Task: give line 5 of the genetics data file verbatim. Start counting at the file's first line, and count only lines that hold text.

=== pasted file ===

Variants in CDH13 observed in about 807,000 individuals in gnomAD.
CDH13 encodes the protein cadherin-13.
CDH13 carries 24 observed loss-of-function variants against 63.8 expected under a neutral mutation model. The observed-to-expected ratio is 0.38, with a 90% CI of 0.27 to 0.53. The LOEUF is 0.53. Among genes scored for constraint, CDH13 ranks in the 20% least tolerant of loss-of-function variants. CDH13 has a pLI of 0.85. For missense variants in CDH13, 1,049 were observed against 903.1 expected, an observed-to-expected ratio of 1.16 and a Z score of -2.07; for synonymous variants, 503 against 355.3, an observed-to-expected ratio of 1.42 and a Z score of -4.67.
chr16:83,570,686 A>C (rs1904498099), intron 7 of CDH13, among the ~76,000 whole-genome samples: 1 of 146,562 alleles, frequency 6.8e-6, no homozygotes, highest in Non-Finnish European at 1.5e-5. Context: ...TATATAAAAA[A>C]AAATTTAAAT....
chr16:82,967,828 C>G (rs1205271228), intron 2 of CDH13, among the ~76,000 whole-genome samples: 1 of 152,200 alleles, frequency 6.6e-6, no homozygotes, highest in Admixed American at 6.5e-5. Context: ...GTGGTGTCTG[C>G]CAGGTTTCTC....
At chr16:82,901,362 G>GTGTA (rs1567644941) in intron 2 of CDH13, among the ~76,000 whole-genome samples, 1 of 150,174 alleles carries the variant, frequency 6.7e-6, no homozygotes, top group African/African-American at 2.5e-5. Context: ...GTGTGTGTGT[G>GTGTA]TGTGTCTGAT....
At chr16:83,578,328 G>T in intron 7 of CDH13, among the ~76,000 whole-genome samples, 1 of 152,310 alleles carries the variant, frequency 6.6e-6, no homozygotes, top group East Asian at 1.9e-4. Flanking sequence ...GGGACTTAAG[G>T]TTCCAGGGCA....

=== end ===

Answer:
chr16:82,967,828 C>G (rs1205271228), intron 2 of CDH13, among the ~76,000 whole-genome samples: 1 of 152,200 alleles, frequency 6.6e-6, no homozygotes, highest in Admixed American at 6.5e-5. Context: ...GTGGTGTCTG[C>G]CAGGTTTCTC....